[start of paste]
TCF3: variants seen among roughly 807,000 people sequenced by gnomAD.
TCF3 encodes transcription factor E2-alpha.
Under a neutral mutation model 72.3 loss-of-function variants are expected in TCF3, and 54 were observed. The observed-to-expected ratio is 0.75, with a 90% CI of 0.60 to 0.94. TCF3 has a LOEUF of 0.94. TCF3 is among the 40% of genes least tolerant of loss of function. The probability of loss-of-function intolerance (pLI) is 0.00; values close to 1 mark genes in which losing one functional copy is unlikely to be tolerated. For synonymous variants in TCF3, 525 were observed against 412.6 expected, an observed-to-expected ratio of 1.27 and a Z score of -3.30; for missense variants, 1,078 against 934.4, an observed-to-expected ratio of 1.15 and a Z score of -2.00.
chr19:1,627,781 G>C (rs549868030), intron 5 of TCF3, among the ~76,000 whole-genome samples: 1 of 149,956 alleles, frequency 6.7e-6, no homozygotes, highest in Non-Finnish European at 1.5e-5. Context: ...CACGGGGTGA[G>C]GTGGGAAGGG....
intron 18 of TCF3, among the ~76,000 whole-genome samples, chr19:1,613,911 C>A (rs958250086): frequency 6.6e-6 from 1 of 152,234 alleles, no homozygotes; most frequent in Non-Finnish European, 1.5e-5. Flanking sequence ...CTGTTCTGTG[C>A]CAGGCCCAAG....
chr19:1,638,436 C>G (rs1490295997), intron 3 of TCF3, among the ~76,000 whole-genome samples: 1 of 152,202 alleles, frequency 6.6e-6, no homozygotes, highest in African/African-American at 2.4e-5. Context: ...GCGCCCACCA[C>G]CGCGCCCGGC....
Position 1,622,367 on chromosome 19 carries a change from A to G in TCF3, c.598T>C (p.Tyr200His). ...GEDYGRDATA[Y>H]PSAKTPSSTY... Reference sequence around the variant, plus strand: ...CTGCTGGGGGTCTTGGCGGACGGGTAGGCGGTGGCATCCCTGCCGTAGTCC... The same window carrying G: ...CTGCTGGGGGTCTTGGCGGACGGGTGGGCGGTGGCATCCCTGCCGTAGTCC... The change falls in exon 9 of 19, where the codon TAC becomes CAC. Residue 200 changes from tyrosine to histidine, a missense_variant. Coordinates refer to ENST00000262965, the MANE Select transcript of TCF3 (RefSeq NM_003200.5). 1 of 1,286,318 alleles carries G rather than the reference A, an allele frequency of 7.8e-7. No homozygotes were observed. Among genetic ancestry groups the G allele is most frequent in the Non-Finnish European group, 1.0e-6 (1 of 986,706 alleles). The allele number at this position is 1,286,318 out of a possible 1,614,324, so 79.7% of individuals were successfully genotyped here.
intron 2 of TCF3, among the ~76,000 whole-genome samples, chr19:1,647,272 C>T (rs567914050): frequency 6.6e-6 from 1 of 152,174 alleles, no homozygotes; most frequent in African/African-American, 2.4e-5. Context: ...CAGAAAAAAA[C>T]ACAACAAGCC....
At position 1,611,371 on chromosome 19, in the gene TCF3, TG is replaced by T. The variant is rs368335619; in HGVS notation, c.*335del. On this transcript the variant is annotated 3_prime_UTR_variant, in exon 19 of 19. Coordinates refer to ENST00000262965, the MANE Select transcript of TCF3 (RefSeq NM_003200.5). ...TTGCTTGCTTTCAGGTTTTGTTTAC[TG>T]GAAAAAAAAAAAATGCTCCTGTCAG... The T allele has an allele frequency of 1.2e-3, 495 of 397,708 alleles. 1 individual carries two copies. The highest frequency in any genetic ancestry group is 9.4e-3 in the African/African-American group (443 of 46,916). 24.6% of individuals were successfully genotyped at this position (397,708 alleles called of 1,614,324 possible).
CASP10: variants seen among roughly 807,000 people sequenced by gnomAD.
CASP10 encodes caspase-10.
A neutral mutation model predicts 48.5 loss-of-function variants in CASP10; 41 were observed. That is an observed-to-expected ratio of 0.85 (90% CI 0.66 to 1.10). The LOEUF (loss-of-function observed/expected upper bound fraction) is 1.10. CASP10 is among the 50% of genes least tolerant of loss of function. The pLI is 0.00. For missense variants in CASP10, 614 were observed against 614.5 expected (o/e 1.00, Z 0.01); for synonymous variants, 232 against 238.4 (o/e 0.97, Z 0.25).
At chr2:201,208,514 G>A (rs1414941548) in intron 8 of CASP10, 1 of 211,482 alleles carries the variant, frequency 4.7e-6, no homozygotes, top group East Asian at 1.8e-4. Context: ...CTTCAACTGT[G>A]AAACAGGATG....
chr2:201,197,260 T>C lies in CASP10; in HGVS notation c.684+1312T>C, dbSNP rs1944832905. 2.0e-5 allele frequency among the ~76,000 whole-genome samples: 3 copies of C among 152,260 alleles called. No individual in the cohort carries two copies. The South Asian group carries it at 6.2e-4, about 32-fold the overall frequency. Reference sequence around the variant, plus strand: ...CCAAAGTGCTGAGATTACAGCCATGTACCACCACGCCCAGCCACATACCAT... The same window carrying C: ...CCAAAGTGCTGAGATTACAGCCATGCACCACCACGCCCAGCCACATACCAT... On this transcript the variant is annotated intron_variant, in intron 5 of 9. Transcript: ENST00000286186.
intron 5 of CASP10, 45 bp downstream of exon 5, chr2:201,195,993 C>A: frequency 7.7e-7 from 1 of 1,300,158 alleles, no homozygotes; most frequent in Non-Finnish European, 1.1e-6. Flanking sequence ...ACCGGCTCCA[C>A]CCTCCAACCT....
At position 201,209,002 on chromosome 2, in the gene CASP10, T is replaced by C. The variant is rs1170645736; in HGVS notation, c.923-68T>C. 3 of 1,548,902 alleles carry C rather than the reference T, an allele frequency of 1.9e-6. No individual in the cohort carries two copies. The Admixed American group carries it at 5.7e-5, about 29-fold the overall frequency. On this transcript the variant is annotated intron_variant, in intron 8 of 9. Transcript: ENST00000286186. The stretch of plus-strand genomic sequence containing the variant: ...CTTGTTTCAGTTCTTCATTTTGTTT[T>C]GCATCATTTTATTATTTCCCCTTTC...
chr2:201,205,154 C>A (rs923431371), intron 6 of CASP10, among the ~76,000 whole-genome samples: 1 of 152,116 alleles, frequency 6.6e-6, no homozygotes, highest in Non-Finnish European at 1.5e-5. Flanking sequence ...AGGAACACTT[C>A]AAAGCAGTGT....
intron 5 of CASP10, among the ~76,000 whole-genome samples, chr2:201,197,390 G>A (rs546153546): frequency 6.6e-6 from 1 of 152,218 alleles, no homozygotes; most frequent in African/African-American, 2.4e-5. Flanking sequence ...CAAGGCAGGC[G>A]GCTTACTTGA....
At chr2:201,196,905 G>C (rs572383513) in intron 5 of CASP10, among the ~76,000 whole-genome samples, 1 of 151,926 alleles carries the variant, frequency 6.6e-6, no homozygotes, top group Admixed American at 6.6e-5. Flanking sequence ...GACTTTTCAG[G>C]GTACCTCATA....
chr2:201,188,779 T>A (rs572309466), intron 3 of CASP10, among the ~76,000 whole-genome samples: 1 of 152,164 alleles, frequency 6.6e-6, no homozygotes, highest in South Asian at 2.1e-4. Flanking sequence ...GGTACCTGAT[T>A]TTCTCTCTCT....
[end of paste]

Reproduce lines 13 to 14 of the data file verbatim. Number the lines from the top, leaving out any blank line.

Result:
At chr2:201,208,514 G>A (rs1414941548) in intron 8 of CASP10, 1 of 211,482 alleles carries the variant, frequency 4.7e-6, no homozygotes, top group East Asian at 1.8e-4. Context: ...CTTCAACTGT[G>A]AAACAGGATG....
chr2:201,197,260 T>C lies in CASP10; in HGVS notation c.684+1312T>C, dbSNP rs1944832905. 2.0e-5 allele frequency among the ~76,000 whole-genome samples: 3 copies of C among 152,260 alleles called. No individual in the cohort carries two copies. The South Asian group carries it at 6.2e-4, about 32-fold the overall frequency. Reference sequence around the variant, plus strand: ...CCAAAGTGCTGAGATTACAGCCATGTACCACCACGCCCAGCCACATACCAT... The same window carrying C: ...CCAAAGTGCTGAGATTACAGCCATGCACCACCACGCCCAGCCACATACCAT... On this transcript the variant is annotated intron_variant, in intron 5 of 9. Transcript: ENST00000286186.